• The law panics employees into witholding information
    Don Rhodes, consultant:
    “In New Zealand we have the mix of very good, not so good and downright awful knowledge sharing… and this seems to be regardless of the size of the organisation. Many people believe small organisations are better because everyone works together with the boss, but in my experience that is not necessarily so. Quite often small business owners are reluctant to share important business information for fear of it being used against them in various forms.

    “But that is most often misguided, because firstly employees are more trustworthy than many believe; and secondly the information usually is not of any great import to competitors etc as they have many and varied methods of determining how the competition is doing. The paranoia surrounding confidentiality in business is driven mainly by legal folk who do not understand this was established as one of the cornerstone principles enshrined in common law by your own House Of Lords. As a result we see numerous examples of confidentiality clauses in contracts that unnecessarily run to pages and pages, and naturally put the ‘frighteners’ up employers.”


  • 3 Responses

    1. knowledge sharing & knowledge managment
      Hi All
      Interesting comments here.

      I was of the view that we were asked questions about knowledge sharing NOT knowledge management.

      BOTH are vital and yet very different methodologies – one a formal strategy and infrastructure the other more a cultural one.

      One of the goals of many knowledge management projects is to ‘support and/or increase knowledge sharing’.

      From my experience without the CULTURE of knowledge sharing, knowledge management systems just do not work. Yes they capture information but as has been said information is not knowledge.
      Knowledge management programmes typically have one or more of the following activities:
      • Appointment of a knowledge leader – to promote the agenda, develop a framework
      • Creation of knowledge teams – people from all disciplines to develop the methods and skills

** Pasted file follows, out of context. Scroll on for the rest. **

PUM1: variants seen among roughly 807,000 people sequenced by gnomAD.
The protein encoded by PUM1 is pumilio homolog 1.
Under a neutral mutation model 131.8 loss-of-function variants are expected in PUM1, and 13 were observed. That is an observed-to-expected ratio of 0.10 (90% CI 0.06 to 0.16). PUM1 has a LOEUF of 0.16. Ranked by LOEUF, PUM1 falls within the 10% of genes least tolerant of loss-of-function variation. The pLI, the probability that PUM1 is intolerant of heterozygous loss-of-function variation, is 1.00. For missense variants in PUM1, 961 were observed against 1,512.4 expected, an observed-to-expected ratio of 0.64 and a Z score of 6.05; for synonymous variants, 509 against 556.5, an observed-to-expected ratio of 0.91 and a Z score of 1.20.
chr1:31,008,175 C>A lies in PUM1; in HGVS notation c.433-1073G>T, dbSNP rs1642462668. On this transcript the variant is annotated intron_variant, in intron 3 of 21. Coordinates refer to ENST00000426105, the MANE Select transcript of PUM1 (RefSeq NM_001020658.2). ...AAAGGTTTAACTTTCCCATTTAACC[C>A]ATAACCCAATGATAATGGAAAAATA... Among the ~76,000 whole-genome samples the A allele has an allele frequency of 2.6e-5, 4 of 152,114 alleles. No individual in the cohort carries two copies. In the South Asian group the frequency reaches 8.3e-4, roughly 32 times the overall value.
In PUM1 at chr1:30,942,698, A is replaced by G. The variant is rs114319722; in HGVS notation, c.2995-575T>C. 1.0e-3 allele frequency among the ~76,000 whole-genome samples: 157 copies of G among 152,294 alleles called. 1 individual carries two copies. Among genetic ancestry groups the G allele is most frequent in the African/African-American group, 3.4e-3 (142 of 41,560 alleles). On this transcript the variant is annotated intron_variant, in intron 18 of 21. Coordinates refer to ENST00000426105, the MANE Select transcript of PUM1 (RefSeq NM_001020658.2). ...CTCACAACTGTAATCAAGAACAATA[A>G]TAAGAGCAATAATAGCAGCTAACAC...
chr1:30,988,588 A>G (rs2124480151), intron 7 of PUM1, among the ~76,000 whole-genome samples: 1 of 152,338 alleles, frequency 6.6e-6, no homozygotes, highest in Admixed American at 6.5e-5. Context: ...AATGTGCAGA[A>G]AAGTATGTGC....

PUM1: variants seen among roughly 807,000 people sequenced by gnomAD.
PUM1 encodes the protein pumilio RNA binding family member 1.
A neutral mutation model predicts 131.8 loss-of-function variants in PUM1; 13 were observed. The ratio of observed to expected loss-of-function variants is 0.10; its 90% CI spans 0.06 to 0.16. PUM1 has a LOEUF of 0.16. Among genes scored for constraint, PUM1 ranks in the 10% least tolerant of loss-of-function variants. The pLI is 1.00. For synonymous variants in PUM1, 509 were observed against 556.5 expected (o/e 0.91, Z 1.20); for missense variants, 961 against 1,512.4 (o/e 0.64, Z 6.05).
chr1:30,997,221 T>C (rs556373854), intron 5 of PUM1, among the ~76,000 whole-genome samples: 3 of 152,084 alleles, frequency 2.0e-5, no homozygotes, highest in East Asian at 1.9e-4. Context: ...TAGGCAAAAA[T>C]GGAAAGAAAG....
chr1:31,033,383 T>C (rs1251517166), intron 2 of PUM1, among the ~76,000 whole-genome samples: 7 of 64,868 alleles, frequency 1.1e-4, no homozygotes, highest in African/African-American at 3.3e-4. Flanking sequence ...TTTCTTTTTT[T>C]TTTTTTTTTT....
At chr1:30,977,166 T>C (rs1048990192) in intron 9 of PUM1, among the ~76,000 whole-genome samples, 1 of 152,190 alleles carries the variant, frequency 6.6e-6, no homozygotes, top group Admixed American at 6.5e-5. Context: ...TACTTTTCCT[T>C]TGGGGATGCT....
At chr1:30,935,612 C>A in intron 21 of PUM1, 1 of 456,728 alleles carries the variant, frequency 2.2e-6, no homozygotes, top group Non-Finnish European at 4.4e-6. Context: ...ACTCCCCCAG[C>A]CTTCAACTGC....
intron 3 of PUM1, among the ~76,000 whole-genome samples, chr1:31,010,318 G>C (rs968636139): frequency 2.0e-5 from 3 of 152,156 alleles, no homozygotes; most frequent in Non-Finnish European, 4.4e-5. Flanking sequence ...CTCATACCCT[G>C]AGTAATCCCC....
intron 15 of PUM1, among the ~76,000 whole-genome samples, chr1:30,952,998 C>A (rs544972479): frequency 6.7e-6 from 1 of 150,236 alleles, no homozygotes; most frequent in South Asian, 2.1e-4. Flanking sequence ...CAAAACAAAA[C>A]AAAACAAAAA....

• Development of knowledge bases – best practices, expertise directories, market intelligence etc.
      • Enterprise intranet portal – a ‘one-stop-shop’ that gives access to explicit knowledge as well as connections to experts
      • Knowledge centers – focal points for knowledge skills and facilitating knowledge flow
      • Knowledge sharing mechanisms – such as facilitated events that encourage greater sharing of knowledge than would normally take place
      • Intellectual asset management – methods to identify and account for intellectual capital.

    2. Sharing knowledge – or insights?
      The most valuable part of the article was that of the first comment from John Ayerst, not on the original contributors! The article itself showed a complete lack of understanding not only of the concepts of managing data and information (as John Ayerst pointed out) but the fundamental differences between; data – information – knowledge – understanding – insights.

      There is a model called, I think, “Anthony’s triangle” which illustrates the difference between the above concepts and how useful they are and how to manage them. The concepts ARE NOT interchangeable – i.e. data is not the same as knowledge etc. You have to manage these differently.

      No wonder the contributors to the article were struggling to manage the “information” and were overloaded – it seemed to me (at a brief glance) that they had not made any clear distinction between the types of “information”.

      In the ‘information age’ it is worrying that senior managers can make these fundamental errors and misapprehensions. Knowldge management should be as fundamental as project management to managers in the 21st Century – this shows how far managers in the UK have still to go!

    3. Selecting what to share is important
      I find the comments very interesting as in general they show a lack of knowledge/implementation of the basic concepts of knowledge management. The idea is not to bombard staff with raw knowledge but to develop a system that includes managed knowledge domains, knowledge pulling, knowledge verification and knowledge pushing. When knowledge is seen to be managed then attitudes to knowledge sharing change and individuals are generally happy to convert their tacit knowledge into implicit knowledge. That is what they know into a form that can be shared. If this mechanism is not set up and managed how can individuals share what they know. If they independently try to tell colleagues how to do things in a better way they will rapidly lose friends.